New research finds continued immigration will fuel the Houston region’s future economic growth

Authored by the Steven Scarborough and originally published by the Center For Houston's Future on February 3, 2021.

Economic forecast shows the Houston region will need immigrants to continue expanding economically, with major long-term benefits from more immigration and significant economic losses from policies that restrict immigration. 

Houston – Center for Houston’s Future released an update to its 2019 report on the regional effect of immigration, Houston’s Economic Future: Immigration. The update demonstrated how the recent two-year decrease in the region’s immigration rates depressed future economic growth, confirming that economic growth is critically dependent on continued immigration. 
The Center developed a unique economic forecasting tool to analyze how changes in immigration patterns would affect the Houston region’s economic growth. The study looked to the year 2040 for its scenarios. 
Our research found:
  • Projecting GDP for 2040, a restricted immigration scenario (30 percent less immigration) causes a $47 billion economic loss and an increased immigration scenario (30 percent more immigration) produces a $62 billion economic gain from the status quo.
  • Immigrants already make up nearly one-third of the region’s workforce. With employment growth among native citizens below 2 percent, Houston will need foreign immigration to continue expanding economically.
  • Between 2019 and 2040, two in every five jobs added within the region will be filled by foreign-born workers.
  • Growth in immigration rates slightly declined over the past couple of years: From 2007 to 2016, an average of 25,000 immigrants filled new jobs in Greater Houston annually. This figure dropped to an annual average of 16,000 for the 2016 to 2019 period.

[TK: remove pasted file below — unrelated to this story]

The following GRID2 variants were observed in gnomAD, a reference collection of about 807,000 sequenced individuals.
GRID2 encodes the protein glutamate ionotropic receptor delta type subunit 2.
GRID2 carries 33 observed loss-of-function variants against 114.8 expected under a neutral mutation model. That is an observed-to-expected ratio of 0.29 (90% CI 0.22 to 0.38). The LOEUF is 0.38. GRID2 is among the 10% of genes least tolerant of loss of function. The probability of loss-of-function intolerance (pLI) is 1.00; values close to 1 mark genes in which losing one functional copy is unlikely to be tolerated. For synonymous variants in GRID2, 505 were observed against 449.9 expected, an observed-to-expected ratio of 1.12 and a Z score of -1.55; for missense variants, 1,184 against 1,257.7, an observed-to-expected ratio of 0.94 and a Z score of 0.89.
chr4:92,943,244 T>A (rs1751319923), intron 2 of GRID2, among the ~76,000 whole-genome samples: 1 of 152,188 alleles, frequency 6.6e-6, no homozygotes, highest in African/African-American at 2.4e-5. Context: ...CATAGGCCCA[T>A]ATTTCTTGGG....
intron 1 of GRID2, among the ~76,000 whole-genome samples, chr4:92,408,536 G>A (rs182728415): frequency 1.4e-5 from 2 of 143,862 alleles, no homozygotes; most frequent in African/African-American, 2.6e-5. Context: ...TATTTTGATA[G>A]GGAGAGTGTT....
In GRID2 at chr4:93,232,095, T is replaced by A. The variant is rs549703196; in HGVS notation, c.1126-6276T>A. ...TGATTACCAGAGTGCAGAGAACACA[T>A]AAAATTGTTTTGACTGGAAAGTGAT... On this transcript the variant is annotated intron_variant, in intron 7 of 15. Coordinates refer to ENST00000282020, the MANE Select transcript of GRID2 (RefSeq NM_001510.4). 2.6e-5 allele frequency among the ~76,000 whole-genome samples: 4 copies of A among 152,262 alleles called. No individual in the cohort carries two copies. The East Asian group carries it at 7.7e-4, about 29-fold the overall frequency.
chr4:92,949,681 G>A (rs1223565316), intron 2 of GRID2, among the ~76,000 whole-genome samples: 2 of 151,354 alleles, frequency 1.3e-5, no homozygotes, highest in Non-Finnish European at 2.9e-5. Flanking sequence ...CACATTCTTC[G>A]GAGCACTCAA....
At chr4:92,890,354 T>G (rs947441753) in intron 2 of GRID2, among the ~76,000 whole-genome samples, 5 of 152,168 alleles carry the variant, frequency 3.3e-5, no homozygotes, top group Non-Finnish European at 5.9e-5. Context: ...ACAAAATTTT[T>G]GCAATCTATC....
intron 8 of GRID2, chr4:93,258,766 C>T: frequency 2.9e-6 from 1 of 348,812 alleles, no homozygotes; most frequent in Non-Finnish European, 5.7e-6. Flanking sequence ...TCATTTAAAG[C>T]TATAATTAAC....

• The decline in immigration rates depressed the projected economic benefits for the region from immigration: While our 2019 report indicated a $67 billion GDP benefit under the increased immigration scenario, this figure dropped by 7 percent to $62 billion when the Center ran the model in 2021.
“This white paper further confirms the Center’s research findings that immigration has been key to the Houston region’s economic growth and will determine our economic future,” said Brett Perlman, CHF’s president and CEO. “Irrespective of short-term job losses during our current economic downturn, the long-term prognosis for regional growth requires robust levels of immigration.”
The report provides updates to the report’s snapshot of the area’s immigrant population and provides sector-specific analyses for the role immigration will play in the professional services, manufacturing, energy and Information industries through 2040.
The Center’s 2019 immigration report, Houston’s Economic Future: Immigration, can be found at
About the Center for Houston’s Future: CHF brings business, government and community stakeholders together to engage in fact-based strategic planning and collaboration on issues of great importance to the region. It engages in economic research and strategic planning, holds community events and develops leaders. The Center is an independent affiliate of the Greater Houston Partnership. Its leadership program has graduated more than 1,200 business and civic leaders.



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